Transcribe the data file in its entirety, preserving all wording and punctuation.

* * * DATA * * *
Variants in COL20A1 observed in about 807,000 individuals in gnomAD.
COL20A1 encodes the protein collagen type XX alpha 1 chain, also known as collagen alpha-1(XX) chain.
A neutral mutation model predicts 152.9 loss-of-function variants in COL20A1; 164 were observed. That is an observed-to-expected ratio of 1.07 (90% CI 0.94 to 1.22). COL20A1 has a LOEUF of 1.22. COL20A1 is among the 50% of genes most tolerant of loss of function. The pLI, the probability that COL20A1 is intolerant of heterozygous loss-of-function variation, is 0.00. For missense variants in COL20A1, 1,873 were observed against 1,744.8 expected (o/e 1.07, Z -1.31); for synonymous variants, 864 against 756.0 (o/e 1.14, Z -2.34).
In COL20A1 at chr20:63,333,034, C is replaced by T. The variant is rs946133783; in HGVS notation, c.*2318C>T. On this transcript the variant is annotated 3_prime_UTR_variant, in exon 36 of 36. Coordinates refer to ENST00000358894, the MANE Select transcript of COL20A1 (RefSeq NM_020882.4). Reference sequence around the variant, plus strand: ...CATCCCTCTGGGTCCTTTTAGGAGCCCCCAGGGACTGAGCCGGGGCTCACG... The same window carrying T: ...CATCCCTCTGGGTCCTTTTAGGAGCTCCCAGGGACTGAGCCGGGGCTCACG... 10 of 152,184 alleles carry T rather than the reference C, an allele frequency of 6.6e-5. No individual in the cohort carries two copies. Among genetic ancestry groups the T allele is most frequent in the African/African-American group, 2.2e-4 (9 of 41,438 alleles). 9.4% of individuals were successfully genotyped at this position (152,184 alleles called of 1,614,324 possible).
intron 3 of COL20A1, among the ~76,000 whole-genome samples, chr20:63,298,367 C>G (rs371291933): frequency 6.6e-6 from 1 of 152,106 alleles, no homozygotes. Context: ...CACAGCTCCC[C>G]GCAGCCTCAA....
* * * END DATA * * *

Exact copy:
Variants in COL20A1 observed in about 807,000 individuals in gnomAD.
COL20A1 encodes the protein collagen type XX alpha 1 chain, also known as collagen alpha-1(XX) chain.
A neutral mutation model predicts 152.9 loss-of-function variants in COL20A1; 164 were observed. That is an observed-to-expected ratio of 1.07 (90% CI 0.94 to 1.22). COL20A1 has a LOEUF of 1.22. COL20A1 is among the 50% of genes most tolerant of loss of function. The pLI, the probability that COL20A1 is intolerant of heterozygous loss-of-function variation, is 0.00. For missense variants in COL20A1, 1,873 were observed against 1,744.8 expected (o/e 1.07, Z -1.31); for synonymous variants, 864 against 756.0 (o/e 1.14, Z -2.34).
In COL20A1 at chr20:63,333,034, C is replaced by T. The variant is rs946133783; in HGVS notation, c.*2318C>T. On this transcript the variant is annotated 3_prime_UTR_variant, in exon 36 of 36. Coordinates refer to ENST00000358894, the MANE Select transcript of COL20A1 (RefSeq NM_020882.4). Reference sequence around the variant, plus strand: ...CATCCCTCTGGGTCCTTTTAGGAGCCCCCAGGGACTGAGCCGGGGCTCACG... The same window carrying T: ...CATCCCTCTGGGTCCTTTTAGGAGCTCCCAGGGACTGAGCCGGGGCTCACG... 10 of 152,184 alleles carry T rather than the reference C, an allele frequency of 6.6e-5. No individual in the cohort carries two copies. Among genetic ancestry groups the T allele is most frequent in the African/African-American group, 2.2e-4 (9 of 41,438 alleles). 9.4% of individuals were successfully genotyped at this position (152,184 alleles called of 1,614,324 possible).
intron 3 of COL20A1, among the ~76,000 whole-genome samples, chr20:63,298,367 C>G (rs371291933): frequency 6.6e-6 from 1 of 152,106 alleles, no homozygotes. Context: ...CACAGCTCCC[C>G]GCAGCCTCAA....